While horror anthologies were surprisingly popular in the 1970s and into the 1980s, by the Nineties, they had fallen out of favour with the cocaine cowboys and supposed hipsters who were taking over British television. So Yorkshire TV’s Chiller was something of an oddity in 1995 – a straight-faced, un-ironic series of ‘chilling’ tales. Generally dismissed at the time, it deserves reassessment, especially as it’s been issued on DVD in both the UK and USA.
The five part series of 50 minute stories was co-produced (and sometimes directed) by Lawrence Gordon Clark, who had overseen the BBC’s famed Ghost Story for Christmas series of annual shockers based (mostly) on the works of M.R. James; but unlike those stories, this series is strictly contemporary stuff.
Series opener ‘Prophecy’ was adapted by Steven Gallagher from a story by Peter James (the ubiquitous author found in remainder shops up and down Britain) and is an Omen/Final Destination style tale where a séance leads to the deaths – or at least crippling – of all involved through a series of ‘accidents’. Sophie Ward stars as the woman at the centre of events and has a gratuitous nude scene, while Nigel Havers is her hapless boyfriend and father of a strange child who seems overly interested in bizarre deaths. It’s a solid enough start – not overly original perhaps, but well put together with some effective shocks.
Things get decidedly creepier with ‘Toby’, where couple Serena Gordon and Martin Clunes lose their unborn child as a result of a car crash. Gordon seemingly becomes pregnant again, but there is no baby inside her, although her phantom pregnancy runs all the way through to ‘birth’ – a queasily unpleasant moment. Returning home, she discovers that there is a phantom child in their house – an invisible, screaming baby that needs to be breast-fed in a genuinely unsettling moment. With whale song used as an effectively spooky soundtrack (I might have to steal that idea…) and a genuinely eerie atmosphere, this is dark stuff indeed.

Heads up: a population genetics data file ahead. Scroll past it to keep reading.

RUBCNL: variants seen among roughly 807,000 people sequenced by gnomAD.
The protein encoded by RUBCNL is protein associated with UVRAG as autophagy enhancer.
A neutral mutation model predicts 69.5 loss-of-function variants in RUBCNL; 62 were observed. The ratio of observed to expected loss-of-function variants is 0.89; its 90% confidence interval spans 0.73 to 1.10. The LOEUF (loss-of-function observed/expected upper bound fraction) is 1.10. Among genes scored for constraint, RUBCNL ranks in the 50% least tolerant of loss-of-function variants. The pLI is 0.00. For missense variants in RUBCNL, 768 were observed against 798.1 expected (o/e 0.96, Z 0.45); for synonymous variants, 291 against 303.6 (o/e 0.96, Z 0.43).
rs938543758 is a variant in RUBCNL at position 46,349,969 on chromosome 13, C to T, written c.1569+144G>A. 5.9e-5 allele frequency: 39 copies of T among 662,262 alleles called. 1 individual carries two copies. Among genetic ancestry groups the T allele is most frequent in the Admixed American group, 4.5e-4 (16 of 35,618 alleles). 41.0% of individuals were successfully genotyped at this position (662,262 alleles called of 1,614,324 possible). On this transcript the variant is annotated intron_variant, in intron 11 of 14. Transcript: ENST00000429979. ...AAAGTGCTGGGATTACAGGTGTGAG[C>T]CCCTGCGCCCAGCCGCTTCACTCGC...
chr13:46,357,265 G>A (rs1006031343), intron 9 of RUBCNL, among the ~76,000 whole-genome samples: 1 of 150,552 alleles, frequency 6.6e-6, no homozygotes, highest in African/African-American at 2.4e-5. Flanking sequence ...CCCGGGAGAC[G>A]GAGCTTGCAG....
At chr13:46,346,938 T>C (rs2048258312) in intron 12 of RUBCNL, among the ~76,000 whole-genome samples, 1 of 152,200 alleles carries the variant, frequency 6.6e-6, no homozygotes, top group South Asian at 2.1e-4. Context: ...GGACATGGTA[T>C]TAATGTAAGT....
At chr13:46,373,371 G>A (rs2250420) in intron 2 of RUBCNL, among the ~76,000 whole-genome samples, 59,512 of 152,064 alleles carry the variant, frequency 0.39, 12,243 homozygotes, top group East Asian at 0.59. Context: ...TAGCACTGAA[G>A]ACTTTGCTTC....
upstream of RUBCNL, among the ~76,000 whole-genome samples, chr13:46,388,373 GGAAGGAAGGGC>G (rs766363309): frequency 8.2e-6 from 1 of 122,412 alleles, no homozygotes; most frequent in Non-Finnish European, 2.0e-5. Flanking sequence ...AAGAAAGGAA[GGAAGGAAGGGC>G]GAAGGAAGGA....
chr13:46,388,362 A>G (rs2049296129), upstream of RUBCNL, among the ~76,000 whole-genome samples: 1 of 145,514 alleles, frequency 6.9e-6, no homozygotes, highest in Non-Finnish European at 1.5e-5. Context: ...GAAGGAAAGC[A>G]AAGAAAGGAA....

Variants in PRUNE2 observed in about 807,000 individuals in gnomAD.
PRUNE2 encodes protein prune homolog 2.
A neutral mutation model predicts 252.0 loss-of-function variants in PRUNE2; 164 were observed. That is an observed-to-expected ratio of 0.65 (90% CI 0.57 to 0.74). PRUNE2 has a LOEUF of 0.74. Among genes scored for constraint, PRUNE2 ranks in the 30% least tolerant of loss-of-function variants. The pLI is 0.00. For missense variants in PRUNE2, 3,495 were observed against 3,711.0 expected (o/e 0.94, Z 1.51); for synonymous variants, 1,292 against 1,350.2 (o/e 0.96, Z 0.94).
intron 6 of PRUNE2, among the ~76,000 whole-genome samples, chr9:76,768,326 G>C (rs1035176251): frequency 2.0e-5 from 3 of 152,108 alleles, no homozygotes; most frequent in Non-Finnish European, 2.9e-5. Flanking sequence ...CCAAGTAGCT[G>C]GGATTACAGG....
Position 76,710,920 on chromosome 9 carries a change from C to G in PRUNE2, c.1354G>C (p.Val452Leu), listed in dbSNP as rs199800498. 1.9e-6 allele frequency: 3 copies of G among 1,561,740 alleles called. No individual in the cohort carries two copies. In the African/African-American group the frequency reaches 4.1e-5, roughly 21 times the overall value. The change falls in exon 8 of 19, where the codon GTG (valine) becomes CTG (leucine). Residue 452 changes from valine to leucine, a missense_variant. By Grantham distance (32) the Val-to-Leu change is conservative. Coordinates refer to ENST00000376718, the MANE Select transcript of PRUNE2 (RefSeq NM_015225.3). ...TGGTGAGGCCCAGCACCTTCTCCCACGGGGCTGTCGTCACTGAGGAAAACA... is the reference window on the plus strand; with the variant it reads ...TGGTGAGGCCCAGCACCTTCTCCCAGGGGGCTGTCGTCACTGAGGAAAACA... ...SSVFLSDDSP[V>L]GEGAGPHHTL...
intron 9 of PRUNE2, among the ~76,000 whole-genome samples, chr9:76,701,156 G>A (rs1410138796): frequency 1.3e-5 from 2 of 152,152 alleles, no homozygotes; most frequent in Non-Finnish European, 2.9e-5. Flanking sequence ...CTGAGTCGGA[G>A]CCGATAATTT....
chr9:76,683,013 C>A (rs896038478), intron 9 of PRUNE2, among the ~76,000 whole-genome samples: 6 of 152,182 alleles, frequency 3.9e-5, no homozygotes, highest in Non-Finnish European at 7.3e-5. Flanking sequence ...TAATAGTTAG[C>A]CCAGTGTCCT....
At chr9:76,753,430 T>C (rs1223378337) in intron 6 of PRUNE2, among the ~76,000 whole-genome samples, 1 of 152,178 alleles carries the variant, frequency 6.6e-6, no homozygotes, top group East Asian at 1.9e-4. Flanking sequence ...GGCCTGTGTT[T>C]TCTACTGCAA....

‘The Mirror Man’ is the weakest entry in the series – John Simms stars as a mentally unbalanced man who becomes obsessed with a social worker (Phyllis Logan), who is herself having ‘issues’. The twist can be seen coming from the start, and there seems to be a chunk of plot missing, making this a rather forgettable instalment.
The final two episodes come from the pen of Anthony Horowitz. ‘The Man Who Didn’t Believe in Ghosts’ has Peter Egan as a writer who specialises in debunking stories of the supernatural. After suffering a stroke, his family move to a large house in Yorkshire, only to be confronted with unexplained happenings that the increasingly unpleasant author refuses to accept. But is he right? The story has pleasing twists and turns, a guest appearance from newsreader Angela Rippon and, to the amusement of Brit Horror fans, a character named Peter Walker.
The final story, ‘Number Six’, is closer to a dark police whodunit than a horror tale – though there are plenty of supernatural elements, including a whole gaggle of creepy kids. Kevin McNally is the police officer searching for the child killer who strikes every full moon in a small Yorkshire village. When it’s revealed that the school was built on former Druid sacrificial ground, you know things are only going to get worse, especially as McNally’s son is being visited by dead children. The story leaves a few loose strands, but is well paced and effectively bleak. Rising Damp star Don Warrington (also in feeble horror ‘comedy’ Bloodbath at the House of Death) appears as a psychologist who helps piece the mystery together.
Topped with a title sequence that feels like an outtake from Aphex Twin’s ‘Come to Daddy’, the Chiller series is a lot better than I expected it to be, avoiding the flat look of much British TV (all the stories are shot on film) or the smugness of later efforts like 2003 BBC series Spine Chillers or Channel 5’s Urban Gothic. If you have a taste for low key, scary stories, this will be just up your street.
David Flint, HORRORPEDIA
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